Image and release courtesy of Iowa Western CC Athletics.
With a few tweets and some local media coverage, a new women’s college wrestling team was created this past week.
Iowa Western Community College in Council Bluffs, Iowa, is adding a women’s wrestling team at the NJCAA junior college level.
On its @GoReivers Twitter site, the university announced:
The time is now! Iowa Western to add women’s wrestling.
Iowa Western President DanKinney tweeted this:
@GoReivers @ReiverWrestling adds Women’s Wrestling beginning this Fall! Any women interested contact our coaching staff!
During the Junior/16U Nationals in Fargo, N.D., USA Wrestling was given this information to share with the wrestling community:
At Iowa Western Community College in Council Bluffs, Iowa, it has just been approved to offer a women’s wrestling program for this coming year of 2021-22. Obviously this is great news. However, there is little time to put it together. If you know of any women’s wrestler who has graduated high school and would like to continue their wrestling careers, please contact Head Coach Josh Watts at 229-343-8379 or Assistant Coach Oscar Ramirez at 712-209-3215.
Below is an indepth article about the decision from the local press.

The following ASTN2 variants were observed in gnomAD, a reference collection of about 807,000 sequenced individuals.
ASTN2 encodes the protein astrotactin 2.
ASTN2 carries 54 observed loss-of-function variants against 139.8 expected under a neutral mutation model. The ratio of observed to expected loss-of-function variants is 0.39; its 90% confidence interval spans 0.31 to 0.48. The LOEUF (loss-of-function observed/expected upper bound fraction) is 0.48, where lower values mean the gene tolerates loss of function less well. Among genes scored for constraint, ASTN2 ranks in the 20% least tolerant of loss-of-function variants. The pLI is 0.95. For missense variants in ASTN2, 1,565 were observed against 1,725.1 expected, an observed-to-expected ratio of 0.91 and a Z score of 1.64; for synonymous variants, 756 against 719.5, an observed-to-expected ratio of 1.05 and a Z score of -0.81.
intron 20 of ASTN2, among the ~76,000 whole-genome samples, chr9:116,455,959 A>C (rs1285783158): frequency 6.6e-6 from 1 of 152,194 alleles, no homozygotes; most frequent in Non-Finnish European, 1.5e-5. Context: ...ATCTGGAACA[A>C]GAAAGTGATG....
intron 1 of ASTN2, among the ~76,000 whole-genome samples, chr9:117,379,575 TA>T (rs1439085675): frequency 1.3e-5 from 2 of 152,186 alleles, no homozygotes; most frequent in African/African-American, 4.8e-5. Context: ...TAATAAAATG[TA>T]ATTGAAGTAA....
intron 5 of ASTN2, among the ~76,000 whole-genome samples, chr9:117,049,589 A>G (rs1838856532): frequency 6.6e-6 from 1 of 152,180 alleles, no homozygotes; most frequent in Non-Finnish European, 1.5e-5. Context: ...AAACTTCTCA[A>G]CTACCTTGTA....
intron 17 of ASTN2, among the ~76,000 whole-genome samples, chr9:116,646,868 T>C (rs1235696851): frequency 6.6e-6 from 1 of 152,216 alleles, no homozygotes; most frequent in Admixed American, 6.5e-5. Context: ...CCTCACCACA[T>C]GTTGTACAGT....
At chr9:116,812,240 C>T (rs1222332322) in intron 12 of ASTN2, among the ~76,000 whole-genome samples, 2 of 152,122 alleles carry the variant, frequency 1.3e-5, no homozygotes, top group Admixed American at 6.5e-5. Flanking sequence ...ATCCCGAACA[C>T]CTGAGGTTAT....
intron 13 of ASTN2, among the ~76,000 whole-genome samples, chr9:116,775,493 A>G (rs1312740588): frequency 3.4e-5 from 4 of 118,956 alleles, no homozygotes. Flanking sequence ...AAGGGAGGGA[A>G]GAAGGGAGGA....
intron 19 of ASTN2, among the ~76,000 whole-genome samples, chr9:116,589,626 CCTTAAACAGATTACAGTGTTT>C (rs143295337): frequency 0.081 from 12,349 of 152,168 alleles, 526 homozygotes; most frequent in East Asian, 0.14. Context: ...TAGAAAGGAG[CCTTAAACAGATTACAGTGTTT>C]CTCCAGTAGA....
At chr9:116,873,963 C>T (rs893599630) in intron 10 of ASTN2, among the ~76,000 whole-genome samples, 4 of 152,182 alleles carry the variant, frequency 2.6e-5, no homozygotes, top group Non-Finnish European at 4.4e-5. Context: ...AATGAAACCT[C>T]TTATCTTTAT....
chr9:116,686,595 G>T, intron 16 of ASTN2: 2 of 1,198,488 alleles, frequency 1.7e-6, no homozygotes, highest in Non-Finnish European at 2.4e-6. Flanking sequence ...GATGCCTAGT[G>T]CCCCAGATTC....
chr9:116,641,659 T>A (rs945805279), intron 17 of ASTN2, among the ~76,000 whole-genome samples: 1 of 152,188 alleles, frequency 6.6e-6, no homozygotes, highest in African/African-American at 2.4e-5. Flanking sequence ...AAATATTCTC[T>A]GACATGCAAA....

NONPAREILONLINE:Iowa Western to add women’s wrestling
by Tim Johnson
Iowa Western Community College athletics will enter a new arena this fall
The college will join Indian Hills Community College as the only junior colleges in Iowa with a women’s wrestling program.
The program’s launch was approved by the Iowa Western Board of Trustees during its meeting Monday at the Cass County Center in Atlantic.
President Dan Kinney estimated the program would cost about $160,000 the first year, with revenue likely less than $1,000.
“I think, more importantly, it’s an opportunity for young ladies who are interested in wrestling to have that opportunity,” he said.
It also increases the equity between men’s and women’s athletic opportunities, Kinney said.
The college will use members of its existing coaching staff to operate the program, he said.
CLICK TO READ THE FULL NONPAREILONLINE ARTICLE